Country Footy: You wouldn’t like a game would you?




By Neil Anderson


It’s funny how you read a few sentences or hear a few words that spark your interest or throw you back in time. It happened to me when I read Paul Daffey’s introduction to the book of stories he and John Harms put together, Footy Town.


The book arrived in the mail as part of a welcome to The Almanac package. In my case it was welcome back to The Almanac. I recently rejoined to write something, anything, as the isolation blues took hold. I’d been through the various stages of grief. Despair that I wouldn’t be seeing the Bulldogs play. Angry that the Bulldogs would not have a chance to redeem themselves after being so poor in Round 1. (I thought Mick Malthouse’s suggestion to scrap the Round 1 results was an excellent one). The final stage was acceptance of circumstances and the need to find another social outlet. Writing something for The Almanac would be a start in the right direction.


Footy Town includes stories from country towns all around Australia and I was amazed to see a writer listed from my own small town of Panmure in south-western Victoria. Also our neighbouring town of Allansford was mentioned in regard to its historic grandstand. My family first settled in Allansford in the 1850’s.


So it was a combination of Paul Daffey meeting the gate-keeper at a local footy ground who asked him ‘whether he would like to pull on the boots’, plus seeing my local dot-on-the-map town being mentioned that gave me the spark to write something.


1988 we had just relocated from Melbourne to a place called Dixie, six ks south of Terang, south-western Victoria. With a name like Dixie, it had to be way down south of somewhere. Me transferring to Warrnambool to work in the Education Department office. My wife with her newly minted Diploma of Education which she would use later to work at Camperdown High School. One of her star pupils was Almanacker Luke Reynolds, whom she says, managed to incorporate cricket stories into all facets of the curriculum.


After our boxes, crates and suitcases were unloaded at the school-house we were renting, we went into Terang in search of a counter- tea.  The first pub was like something out of the wild- west. It was a Monday night but it was beyond quiet. Dark and gloomy with four drinkers at the bar and no lounge open for meals. If there was a honky-tonk piano that suddenly stopped playing as we walked through those swing-doors, it would not have surprised me. If the bar-keep wiping the glasses looked up and asked, “ Where you from stranger?” I would have expected it.


We were eventually directed to what was called the middle-pub where they might be serving meals, although it is Monday you know.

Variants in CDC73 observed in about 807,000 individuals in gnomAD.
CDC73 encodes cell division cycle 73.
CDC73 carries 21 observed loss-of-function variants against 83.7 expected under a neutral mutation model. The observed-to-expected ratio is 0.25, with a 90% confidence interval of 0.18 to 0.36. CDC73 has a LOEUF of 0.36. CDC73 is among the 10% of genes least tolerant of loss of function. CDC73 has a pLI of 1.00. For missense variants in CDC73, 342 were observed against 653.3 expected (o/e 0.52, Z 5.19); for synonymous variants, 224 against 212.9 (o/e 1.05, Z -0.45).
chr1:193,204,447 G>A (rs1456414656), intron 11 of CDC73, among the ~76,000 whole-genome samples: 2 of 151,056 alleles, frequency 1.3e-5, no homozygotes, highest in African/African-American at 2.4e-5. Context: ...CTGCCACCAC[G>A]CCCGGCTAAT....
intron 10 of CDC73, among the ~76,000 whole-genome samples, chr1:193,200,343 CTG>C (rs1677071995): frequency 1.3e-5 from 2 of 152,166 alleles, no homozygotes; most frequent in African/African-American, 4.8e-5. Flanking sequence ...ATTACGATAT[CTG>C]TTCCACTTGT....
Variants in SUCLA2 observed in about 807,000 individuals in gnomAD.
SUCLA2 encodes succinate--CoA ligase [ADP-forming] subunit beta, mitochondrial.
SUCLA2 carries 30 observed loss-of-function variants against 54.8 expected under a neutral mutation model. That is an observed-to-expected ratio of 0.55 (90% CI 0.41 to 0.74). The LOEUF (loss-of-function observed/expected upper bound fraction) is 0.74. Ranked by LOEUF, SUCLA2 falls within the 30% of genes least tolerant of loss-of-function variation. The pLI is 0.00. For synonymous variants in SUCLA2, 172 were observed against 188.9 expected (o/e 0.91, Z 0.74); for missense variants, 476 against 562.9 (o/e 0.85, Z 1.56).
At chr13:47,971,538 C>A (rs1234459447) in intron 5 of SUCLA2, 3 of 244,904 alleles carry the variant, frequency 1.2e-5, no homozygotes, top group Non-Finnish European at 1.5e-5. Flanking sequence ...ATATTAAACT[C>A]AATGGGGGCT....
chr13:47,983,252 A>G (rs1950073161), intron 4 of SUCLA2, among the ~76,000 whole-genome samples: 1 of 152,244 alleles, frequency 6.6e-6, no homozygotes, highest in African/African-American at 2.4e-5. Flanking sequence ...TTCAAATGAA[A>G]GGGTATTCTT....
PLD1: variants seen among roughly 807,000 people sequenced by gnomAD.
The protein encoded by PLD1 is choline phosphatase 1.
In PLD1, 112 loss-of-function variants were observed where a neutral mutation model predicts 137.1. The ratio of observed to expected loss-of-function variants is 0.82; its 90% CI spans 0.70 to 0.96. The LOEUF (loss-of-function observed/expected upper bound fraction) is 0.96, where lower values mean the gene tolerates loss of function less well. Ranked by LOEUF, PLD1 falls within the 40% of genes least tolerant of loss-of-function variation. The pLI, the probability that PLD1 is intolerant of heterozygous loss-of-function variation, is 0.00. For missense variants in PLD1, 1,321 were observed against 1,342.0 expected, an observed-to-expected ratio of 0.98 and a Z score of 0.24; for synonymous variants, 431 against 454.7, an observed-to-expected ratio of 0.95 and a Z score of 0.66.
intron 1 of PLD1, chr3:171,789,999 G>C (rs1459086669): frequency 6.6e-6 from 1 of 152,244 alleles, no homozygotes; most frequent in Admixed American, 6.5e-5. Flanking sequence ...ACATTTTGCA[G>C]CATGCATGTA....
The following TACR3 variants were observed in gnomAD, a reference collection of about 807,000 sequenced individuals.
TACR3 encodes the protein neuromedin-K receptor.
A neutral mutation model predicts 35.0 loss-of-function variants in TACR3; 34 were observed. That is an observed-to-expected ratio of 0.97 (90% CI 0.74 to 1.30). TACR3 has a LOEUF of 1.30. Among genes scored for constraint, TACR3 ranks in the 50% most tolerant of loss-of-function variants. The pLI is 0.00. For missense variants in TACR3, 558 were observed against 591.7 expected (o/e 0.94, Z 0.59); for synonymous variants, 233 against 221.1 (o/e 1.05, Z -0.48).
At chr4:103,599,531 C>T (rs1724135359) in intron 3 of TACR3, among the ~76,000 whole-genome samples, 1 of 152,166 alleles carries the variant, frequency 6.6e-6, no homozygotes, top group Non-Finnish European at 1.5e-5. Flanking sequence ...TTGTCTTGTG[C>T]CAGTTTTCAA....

One month later and I was calling in at the Ecklin general-store which would have been the replacement store after the Ash-Wednesday fires had destroyed the original  five years earlier. Whenever we spoke to locals, they talked about the fires as if they only occurred the previous year.


The store owner famous for his hospitality was different to the publican in Terang. A welcome smile and a friendly greeting. His name was Bill McKinnon and he and his family are mentioned in the story by Brendan Ryan in Footy Town.


The three other customers were a lot more taciturn, obviously sizing up the city-fella that was livin’ in the Dixie school-house. Bill introduced me to Harry, Jack and Cliff who were on the Ecklin Football Club Committee. The Football-ground was just across the road.


It turned out these Ecklin footy-club scouts were eyeing me off a possible recruit for at least their reserve team. They had spotted a bloke that was about 40, six-feet tall, upright and breathing and they were ready with their Form Fours. I should have laughed and explained that I hadn’t played for quite a while. But I didn’t. I was flattered. Memories of being picked for the school-team came flooding back. Polishing the boots and whitening the laces the night before the match. I probably blurted out something like, “ So you need some new recruits do you?”. “ I should be available”.


The idea was to turn up at training after work on Tuesday, have a run and see how you go. It all sounded good to me. I was excited. What could possibly go wrong. Although I did hope the farm-boys we would play against in the reserves weren’t as big and tough as the seniors. But those negative thoughts were soon forgotten as I wondered where I could buy a pair of footy-boots.  My last pair I owned probably had nail-in-stops. The other fantasy going through my head was what number jumper would I wear. I hoped number three was available because I had worn that one since primary school days in Footscray. I was floating on air as I drove back home thinking of how I was going to be accepted by the locals after word got around that, the new bloke from Dixie, he goes alright!